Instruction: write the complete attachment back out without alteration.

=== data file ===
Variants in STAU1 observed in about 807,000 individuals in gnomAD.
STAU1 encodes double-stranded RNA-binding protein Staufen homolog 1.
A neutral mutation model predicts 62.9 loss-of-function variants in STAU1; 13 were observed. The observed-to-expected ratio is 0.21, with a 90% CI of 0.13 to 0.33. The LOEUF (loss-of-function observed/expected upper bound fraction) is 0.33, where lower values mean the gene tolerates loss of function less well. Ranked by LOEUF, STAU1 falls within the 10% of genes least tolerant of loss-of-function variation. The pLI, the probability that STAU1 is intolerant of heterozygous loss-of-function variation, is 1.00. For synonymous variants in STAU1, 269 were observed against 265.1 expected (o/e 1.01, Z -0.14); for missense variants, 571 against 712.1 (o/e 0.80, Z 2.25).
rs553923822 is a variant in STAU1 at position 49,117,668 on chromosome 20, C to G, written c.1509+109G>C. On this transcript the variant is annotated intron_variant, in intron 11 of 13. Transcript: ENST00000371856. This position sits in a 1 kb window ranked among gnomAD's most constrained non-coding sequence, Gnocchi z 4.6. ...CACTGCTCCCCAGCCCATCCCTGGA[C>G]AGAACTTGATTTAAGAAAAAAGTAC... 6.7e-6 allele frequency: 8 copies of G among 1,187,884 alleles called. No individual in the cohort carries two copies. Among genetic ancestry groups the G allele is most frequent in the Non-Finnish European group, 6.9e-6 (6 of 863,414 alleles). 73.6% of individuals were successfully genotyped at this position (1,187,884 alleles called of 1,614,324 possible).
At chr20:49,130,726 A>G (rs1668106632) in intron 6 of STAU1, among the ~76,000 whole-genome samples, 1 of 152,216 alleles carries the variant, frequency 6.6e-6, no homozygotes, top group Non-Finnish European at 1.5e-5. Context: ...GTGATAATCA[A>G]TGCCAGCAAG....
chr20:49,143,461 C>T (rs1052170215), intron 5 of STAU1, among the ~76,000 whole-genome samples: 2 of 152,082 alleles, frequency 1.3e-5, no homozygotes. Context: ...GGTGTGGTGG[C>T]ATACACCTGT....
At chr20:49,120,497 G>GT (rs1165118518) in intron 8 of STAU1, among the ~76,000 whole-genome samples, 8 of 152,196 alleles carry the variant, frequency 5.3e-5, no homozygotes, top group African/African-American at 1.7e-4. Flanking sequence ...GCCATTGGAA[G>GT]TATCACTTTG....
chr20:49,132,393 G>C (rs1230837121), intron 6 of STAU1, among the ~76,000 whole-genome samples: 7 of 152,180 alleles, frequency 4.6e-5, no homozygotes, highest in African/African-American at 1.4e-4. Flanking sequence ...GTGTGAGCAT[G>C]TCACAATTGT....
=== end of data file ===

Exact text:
Variants in STAU1 observed in about 807,000 individuals in gnomAD.
STAU1 encodes double-stranded RNA-binding protein Staufen homolog 1.
A neutral mutation model predicts 62.9 loss-of-function variants in STAU1; 13 were observed. The observed-to-expected ratio is 0.21, with a 90% CI of 0.13 to 0.33. The LOEUF (loss-of-function observed/expected upper bound fraction) is 0.33, where lower values mean the gene tolerates loss of function less well. Ranked by LOEUF, STAU1 falls within the 10% of genes least tolerant of loss-of-function variation. The pLI, the probability that STAU1 is intolerant of heterozygous loss-of-function variation, is 1.00. For synonymous variants in STAU1, 269 were observed against 265.1 expected (o/e 1.01, Z -0.14); for missense variants, 571 against 712.1 (o/e 0.80, Z 2.25).
rs553923822 is a variant in STAU1 at position 49,117,668 on chromosome 20, C to G, written c.1509+109G>C. On this transcript the variant is annotated intron_variant, in intron 11 of 13. Transcript: ENST00000371856. This position sits in a 1 kb window ranked among gnomAD's most constrained non-coding sequence, Gnocchi z 4.6. ...CACTGCTCCCCAGCCCATCCCTGGA[C>G]AGAACTTGATTTAAGAAAAAAGTAC... 6.7e-6 allele frequency: 8 copies of G among 1,187,884 alleles called. No individual in the cohort carries two copies. Among genetic ancestry groups the G allele is most frequent in the Non-Finnish European group, 6.9e-6 (6 of 863,414 alleles). 73.6% of individuals were successfully genotyped at this position (1,187,884 alleles called of 1,614,324 possible).
At chr20:49,130,726 A>G (rs1668106632) in intron 6 of STAU1, among the ~76,000 whole-genome samples, 1 of 152,216 alleles carries the variant, frequency 6.6e-6, no homozygotes, top group Non-Finnish European at 1.5e-5. Context: ...GTGATAATCA[A>G]TGCCAGCAAG....
chr20:49,143,461 C>T (rs1052170215), intron 5 of STAU1, among the ~76,000 whole-genome samples: 2 of 152,082 alleles, frequency 1.3e-5, no homozygotes. Context: ...GGTGTGGTGG[C>T]ATACACCTGT....
At chr20:49,120,497 G>GT (rs1165118518) in intron 8 of STAU1, among the ~76,000 whole-genome samples, 8 of 152,196 alleles carry the variant, frequency 5.3e-5, no homozygotes, top group African/African-American at 1.7e-4. Flanking sequence ...GCCATTGGAA[G>GT]TATCACTTTG....
chr20:49,132,393 G>C (rs1230837121), intron 6 of STAU1, among the ~76,000 whole-genome samples: 7 of 152,180 alleles, frequency 4.6e-5, no homozygotes, highest in African/African-American at 1.4e-4. Flanking sequence ...GTGTGAGCAT[G>C]TCACAATTGT....